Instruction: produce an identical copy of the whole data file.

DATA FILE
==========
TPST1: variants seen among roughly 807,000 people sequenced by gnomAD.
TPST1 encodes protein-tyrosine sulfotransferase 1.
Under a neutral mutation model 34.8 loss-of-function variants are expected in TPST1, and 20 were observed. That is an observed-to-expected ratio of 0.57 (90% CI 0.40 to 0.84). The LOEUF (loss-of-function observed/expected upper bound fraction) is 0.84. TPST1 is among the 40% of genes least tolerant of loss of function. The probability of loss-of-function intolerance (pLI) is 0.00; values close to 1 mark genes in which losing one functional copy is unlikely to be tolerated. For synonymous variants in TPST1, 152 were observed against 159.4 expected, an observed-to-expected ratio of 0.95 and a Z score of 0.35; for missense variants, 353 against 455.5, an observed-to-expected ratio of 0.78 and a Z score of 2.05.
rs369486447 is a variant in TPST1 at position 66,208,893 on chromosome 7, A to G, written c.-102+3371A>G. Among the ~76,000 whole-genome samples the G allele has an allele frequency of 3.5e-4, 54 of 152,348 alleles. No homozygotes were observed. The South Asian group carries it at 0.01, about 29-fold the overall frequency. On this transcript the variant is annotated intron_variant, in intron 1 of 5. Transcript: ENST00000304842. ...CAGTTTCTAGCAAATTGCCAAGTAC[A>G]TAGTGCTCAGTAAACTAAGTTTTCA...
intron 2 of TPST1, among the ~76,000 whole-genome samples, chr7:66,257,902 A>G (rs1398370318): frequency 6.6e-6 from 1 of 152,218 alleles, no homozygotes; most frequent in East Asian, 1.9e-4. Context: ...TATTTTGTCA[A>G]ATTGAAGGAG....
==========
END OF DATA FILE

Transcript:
TPST1: variants seen among roughly 807,000 people sequenced by gnomAD.
TPST1 encodes protein-tyrosine sulfotransferase 1.
Under a neutral mutation model 34.8 loss-of-function variants are expected in TPST1, and 20 were observed. That is an observed-to-expected ratio of 0.57 (90% CI 0.40 to 0.84). The LOEUF (loss-of-function observed/expected upper bound fraction) is 0.84. TPST1 is among the 40% of genes least tolerant of loss of function. The probability of loss-of-function intolerance (pLI) is 0.00; values close to 1 mark genes in which losing one functional copy is unlikely to be tolerated. For synonymous variants in TPST1, 152 were observed against 159.4 expected, an observed-to-expected ratio of 0.95 and a Z score of 0.35; for missense variants, 353 against 455.5, an observed-to-expected ratio of 0.78 and a Z score of 2.05.
rs369486447 is a variant in TPST1 at position 66,208,893 on chromosome 7, A to G, written c.-102+3371A>G. Among the ~76,000 whole-genome samples the G allele has an allele frequency of 3.5e-4, 54 of 152,348 alleles. No homozygotes were observed. The South Asian group carries it at 0.01, about 29-fold the overall frequency. On this transcript the variant is annotated intron_variant, in intron 1 of 5. Transcript: ENST00000304842. ...CAGTTTCTAGCAAATTGCCAAGTAC[A>G]TAGTGCTCAGTAAACTAAGTTTTCA...
intron 2 of TPST1, among the ~76,000 whole-genome samples, chr7:66,257,902 A>G (rs1398370318): frequency 6.6e-6 from 1 of 152,218 alleles, no homozygotes; most frequent in East Asian, 1.9e-4. Context: ...TATTTTGTCA[A>G]ATTGAAGGAG....